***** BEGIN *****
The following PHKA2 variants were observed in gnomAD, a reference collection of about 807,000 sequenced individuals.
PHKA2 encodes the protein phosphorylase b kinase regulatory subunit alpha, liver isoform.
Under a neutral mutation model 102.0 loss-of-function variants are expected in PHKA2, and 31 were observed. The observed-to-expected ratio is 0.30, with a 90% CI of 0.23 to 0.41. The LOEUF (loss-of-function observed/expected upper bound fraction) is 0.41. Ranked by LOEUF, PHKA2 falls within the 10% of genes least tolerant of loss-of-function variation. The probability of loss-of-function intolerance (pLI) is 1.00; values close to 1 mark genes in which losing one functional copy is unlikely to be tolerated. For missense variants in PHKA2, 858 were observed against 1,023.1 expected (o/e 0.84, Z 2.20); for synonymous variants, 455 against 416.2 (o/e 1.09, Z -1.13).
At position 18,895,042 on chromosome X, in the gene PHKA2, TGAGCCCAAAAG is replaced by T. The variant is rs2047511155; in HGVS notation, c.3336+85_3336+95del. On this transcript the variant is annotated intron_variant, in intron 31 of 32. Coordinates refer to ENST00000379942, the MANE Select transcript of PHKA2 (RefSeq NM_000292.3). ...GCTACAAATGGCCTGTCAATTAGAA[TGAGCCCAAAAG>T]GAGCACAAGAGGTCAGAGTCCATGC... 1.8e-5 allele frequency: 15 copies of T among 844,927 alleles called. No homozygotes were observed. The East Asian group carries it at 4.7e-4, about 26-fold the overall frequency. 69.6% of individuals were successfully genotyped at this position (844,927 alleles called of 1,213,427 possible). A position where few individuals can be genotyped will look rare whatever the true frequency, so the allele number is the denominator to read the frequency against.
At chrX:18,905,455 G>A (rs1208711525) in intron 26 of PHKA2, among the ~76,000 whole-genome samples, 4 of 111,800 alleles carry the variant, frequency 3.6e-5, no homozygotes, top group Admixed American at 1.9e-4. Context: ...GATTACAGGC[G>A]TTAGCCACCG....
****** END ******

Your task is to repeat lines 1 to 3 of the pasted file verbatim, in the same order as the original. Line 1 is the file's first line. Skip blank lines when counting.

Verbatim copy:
The following PHKA2 variants were observed in gnomAD, a reference collection of about 807,000 sequenced individuals.
PHKA2 encodes the protein phosphorylase b kinase regulatory subunit alpha, liver isoform.
Under a neutral mutation model 102.0 loss-of-function variants are expected in PHKA2, and 31 were observed. The observed-to-expected ratio is 0.30, with a 90% CI of 0.23 to 0.41. The LOEUF (loss-of-function observed/expected upper bound fraction) is 0.41. Ranked by LOEUF, PHKA2 falls within the 10% of genes least tolerant of loss-of-function variation. The probability of loss-of-function intolerance (pLI) is 1.00; values close to 1 mark genes in which losing one functional copy is unlikely to be tolerated. For missense variants in PHKA2, 858 were observed against 1,023.1 expected (o/e 0.84, Z 2.20); for synonymous variants, 455 against 416.2 (o/e 1.09, Z -1.13).